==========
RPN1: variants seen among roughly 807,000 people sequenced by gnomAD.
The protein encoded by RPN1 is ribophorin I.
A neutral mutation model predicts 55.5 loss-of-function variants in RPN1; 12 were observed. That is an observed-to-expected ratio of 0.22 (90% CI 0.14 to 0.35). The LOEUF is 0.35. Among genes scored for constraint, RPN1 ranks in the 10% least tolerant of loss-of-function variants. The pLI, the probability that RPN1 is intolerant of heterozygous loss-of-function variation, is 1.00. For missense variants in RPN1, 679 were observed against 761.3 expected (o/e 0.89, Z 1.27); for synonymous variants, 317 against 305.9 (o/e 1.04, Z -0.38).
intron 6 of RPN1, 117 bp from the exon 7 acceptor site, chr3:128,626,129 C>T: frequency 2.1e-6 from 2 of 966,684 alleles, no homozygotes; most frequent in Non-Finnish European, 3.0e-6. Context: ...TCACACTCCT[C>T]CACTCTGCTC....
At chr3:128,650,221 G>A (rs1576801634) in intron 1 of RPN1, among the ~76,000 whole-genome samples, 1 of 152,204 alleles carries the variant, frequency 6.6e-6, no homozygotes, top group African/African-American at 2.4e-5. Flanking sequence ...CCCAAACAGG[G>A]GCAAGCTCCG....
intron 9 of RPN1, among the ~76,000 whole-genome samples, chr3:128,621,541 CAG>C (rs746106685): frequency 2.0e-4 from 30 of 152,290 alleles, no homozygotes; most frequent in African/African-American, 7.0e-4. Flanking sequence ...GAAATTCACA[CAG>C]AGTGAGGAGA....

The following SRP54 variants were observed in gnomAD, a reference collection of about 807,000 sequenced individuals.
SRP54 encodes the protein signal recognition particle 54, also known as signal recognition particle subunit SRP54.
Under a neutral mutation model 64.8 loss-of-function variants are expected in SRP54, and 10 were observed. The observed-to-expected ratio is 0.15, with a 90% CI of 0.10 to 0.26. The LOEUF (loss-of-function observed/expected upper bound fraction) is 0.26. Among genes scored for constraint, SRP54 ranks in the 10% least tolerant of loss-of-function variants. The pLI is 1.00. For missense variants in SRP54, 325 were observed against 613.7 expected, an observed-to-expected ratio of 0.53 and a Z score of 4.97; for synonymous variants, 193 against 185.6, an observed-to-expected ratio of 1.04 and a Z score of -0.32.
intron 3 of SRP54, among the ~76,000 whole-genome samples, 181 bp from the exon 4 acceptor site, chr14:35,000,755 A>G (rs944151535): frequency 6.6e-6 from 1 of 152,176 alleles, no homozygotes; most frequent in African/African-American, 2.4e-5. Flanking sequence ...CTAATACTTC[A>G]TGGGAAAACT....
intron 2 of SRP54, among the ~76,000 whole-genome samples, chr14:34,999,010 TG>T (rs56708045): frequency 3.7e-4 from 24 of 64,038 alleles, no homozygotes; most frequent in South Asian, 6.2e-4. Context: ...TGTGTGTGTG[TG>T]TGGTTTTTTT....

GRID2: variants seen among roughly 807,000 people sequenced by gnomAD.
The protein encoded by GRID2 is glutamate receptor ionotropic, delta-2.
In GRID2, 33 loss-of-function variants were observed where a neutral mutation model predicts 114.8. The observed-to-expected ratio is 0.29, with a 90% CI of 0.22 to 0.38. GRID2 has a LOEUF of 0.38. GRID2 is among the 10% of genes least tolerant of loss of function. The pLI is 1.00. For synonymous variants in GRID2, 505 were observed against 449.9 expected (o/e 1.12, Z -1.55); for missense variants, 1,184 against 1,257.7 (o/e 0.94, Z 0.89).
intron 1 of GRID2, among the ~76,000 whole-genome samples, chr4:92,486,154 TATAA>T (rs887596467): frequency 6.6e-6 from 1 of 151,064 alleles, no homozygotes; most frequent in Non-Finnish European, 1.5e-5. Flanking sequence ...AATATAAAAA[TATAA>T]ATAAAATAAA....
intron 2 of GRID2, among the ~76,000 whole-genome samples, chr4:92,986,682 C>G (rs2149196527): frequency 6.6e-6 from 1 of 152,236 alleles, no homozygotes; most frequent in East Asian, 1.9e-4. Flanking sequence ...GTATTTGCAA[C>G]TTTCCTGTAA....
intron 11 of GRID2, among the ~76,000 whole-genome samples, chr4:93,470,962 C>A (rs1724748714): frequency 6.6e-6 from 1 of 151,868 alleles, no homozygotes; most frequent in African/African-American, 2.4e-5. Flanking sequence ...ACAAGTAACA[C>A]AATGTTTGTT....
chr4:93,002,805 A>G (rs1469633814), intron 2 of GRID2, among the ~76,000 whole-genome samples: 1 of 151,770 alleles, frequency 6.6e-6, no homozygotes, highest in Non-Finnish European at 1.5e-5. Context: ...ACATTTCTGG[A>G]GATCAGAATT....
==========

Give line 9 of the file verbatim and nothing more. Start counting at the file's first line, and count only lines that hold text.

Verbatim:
Under a neutral mutation model 64.8 loss-of-function variants are expected in SRP54, and 10 were observed. The observed-to-expected ratio is 0.15, with a 90% CI of 0.10 to 0.26. The LOEUF (loss-of-function observed/expected upper bound fraction) is 0.26. Among genes scored for constraint, SRP54 ranks in the 10% least tolerant of loss-of-function variants. The pLI is 1.00. For missense variants in SRP54, 325 were observed against 613.7 expected, an observed-to-expected ratio of 0.53 and a Z score of 4.97; for synonymous variants, 193 against 185.6, an observed-to-expected ratio of 1.04 and a Z score of -0.32.